The son of a Lutheran pastor, Heinrich Ernst Schliemann was born on January 6, 1822 in Neubuckow, Mecklenberg-Schwerin, Germany. The following year, his family moved to Ankershagen, the town that Heinrich Schliemann considered his hometown. The house where he grew up has since been converted to the Heinrich Schliemann Museum. In 1841, at the age of 19, he planned to leave Germany and sail to Colombia, South America for employment opportunities. The ship, however, met with a tremendous storm and made it only as far as Holland before it was stranded on the coast. With the help of a local family, Schliemann recuperated from the shipwreck and moved on to Amsterdam where he worked as a clerk and began to study a wide variety of languages. As it turns out, Schliemann had an aptitude for languages and during his life expanded his knowledge to include English, French, Dutch, Spanish, Portuguese, Swedish, Danish, Polish, Italian, Greek, Latin, Russian, Arabic, and Turkish.
In 1844 he became an employee of the trading house B.H. Schröder and Co. Two years later, after learning Russian, the company sent him to St. Petersburg to serve as a commodities trading agent. Although he remained an agent for B.H. Schröder, Schliemann started his own agency as well. This independent venture was the first step in accumulating his great personal fortune. In 1852, he married a Russian woman, Ekaterina Lyshina, and had three children with her. In the following years, Schliemann, by now economically secure, began the first of his many travels around the world which would eventually include Egypt, Greece, the Near East, North Africa, India, Singapore, China, Japan, North and South America. During these travels he always kept a diary and it is from these that we learn much about his life. Today, these diaries reside in the Gennadius Library.
In 1863, worn out by the commercial business world and estranged from his Russian wife, Schliemann decided to semi-retire and revert to his childhood love of ancient Greek. The story Schliemann himself told was that he became enamored with ancient Greek as a young grocer’s apprentice when he heard a drunken man in the store reciting passages of Homer. In 1866-7 he made formal steps towards the study of ancient Greece by enrolling in archaeology courses at the Sorbonne in Paris. As Schliemann became more absorbed in the ancient Greek world and more estranged from Russia and his Russian wife, he decided to make Greece his home and began searching for a Greek wife. While on a trip to America in 1869, Schliemann was granted U.S. citizenship in New York and a divorce from his Russian wife by the State of Indiana. In September of that same year he married the 17 year-old Sophia Engastromenos, who was chosen from a pool of prospective brides presented to him by Theocletos Vimpos, Archbishop of Mantinea and Schliemann’s friend and former ancient Greek teacher. The following year, Schliemann commissioned Ernst Ziller to construct a permanent residence for his new bride. The house, named the Iliou Melathron in honor of Troy, was finished in 1880 and still stands—one of the finest examples of Neoclassical architecture in Athens today. It presently houses the Numismatic Museum of Greece.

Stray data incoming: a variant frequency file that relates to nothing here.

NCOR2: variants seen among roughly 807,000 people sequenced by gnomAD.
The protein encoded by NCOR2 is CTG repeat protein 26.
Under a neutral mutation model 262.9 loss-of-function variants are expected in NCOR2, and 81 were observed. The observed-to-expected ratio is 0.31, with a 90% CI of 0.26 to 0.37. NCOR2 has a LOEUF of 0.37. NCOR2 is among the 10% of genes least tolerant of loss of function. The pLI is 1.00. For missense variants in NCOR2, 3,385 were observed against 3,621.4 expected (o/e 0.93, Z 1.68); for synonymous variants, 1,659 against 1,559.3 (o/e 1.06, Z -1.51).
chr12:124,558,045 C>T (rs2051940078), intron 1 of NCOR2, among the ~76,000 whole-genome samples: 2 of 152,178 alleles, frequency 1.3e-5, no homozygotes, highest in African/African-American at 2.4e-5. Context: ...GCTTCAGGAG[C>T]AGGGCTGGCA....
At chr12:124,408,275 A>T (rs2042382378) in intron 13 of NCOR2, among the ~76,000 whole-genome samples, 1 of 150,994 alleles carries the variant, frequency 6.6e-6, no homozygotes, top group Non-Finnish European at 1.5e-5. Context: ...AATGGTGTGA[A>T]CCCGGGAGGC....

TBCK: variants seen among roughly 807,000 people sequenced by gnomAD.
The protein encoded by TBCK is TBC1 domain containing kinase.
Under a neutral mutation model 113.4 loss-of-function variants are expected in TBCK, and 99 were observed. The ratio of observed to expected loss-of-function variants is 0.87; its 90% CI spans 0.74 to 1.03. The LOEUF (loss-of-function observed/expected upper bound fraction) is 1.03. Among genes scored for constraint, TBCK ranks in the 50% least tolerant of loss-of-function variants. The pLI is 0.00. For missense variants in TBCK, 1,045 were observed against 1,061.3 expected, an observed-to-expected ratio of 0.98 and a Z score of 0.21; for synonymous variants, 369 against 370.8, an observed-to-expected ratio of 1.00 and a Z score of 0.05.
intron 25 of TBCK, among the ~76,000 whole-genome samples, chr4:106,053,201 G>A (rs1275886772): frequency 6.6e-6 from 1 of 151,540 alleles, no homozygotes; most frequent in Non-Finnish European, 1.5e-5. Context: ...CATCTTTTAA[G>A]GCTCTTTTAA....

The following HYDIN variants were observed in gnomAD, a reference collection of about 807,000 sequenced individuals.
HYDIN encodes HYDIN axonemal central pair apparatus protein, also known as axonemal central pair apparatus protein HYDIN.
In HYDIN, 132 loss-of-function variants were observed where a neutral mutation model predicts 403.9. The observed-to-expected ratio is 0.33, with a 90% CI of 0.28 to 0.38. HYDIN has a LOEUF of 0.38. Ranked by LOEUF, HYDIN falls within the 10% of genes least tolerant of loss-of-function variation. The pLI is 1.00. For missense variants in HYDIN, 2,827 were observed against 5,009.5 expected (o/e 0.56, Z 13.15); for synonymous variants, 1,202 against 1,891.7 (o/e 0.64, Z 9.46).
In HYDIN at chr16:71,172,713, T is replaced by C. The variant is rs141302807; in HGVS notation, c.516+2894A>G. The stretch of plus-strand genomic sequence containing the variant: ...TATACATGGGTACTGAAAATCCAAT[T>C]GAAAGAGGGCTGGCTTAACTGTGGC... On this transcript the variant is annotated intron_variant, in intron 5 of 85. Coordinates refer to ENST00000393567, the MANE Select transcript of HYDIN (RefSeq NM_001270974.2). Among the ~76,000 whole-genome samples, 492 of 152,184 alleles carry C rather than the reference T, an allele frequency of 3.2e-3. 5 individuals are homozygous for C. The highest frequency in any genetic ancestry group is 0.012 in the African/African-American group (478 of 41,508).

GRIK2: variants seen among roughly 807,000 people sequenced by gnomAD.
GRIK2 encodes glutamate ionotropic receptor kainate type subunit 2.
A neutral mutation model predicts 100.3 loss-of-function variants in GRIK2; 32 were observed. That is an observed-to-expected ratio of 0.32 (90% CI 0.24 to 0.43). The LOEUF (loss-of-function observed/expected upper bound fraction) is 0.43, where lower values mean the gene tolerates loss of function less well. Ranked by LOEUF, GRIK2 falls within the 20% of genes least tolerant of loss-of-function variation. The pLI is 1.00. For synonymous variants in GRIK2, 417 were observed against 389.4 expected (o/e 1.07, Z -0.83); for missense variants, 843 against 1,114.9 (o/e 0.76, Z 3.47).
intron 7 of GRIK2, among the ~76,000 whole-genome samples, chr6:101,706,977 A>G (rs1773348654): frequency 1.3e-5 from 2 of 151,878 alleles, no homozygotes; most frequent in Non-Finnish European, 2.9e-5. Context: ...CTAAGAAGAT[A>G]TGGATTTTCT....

Schliemann absorbed by his passion for Homer and archaeology, spent the remainder of his life on archaeological endeavors all of which he was able to finance personally. The discovery of Troy (1870-73) was one of Schliemann’s greatest accomplishments and brought him worldwide fame. His other excavations were also significant and include important sites such as Mycenae, Tiryns, and Orchomenos. In 1882 he met Wilhelm Dörpfeld, with whom he collaborated at Troy and Mycenae for the rest of his years and who, after Schliemann’s death, continued excavations at Troy with the financial help of Sophia. Despite all these activities, Schliemann managed to publish the results of his excavations quite rapidly, and often in more than one language (see, for example, major publications such as Mycenae, Ilios, and Tiryns).
Heinrich Schliemann died December 26, 1890 in Naples, Italy succumbing to an infection which had developed after an ear operation earlier that November in Halle, Germany. Wilhelm Dörpfeld accompanied the body back to Athens a few days later. Schliemann is buried in the First Cemetery of Athens in a mausoleum he designed himself. His second wife, Sophia, and their daughter, Andromache, along with her family (surnamed Melas) are also buried there. Heinrich and Sophia’s son Agamemnon is buried in Paris, France.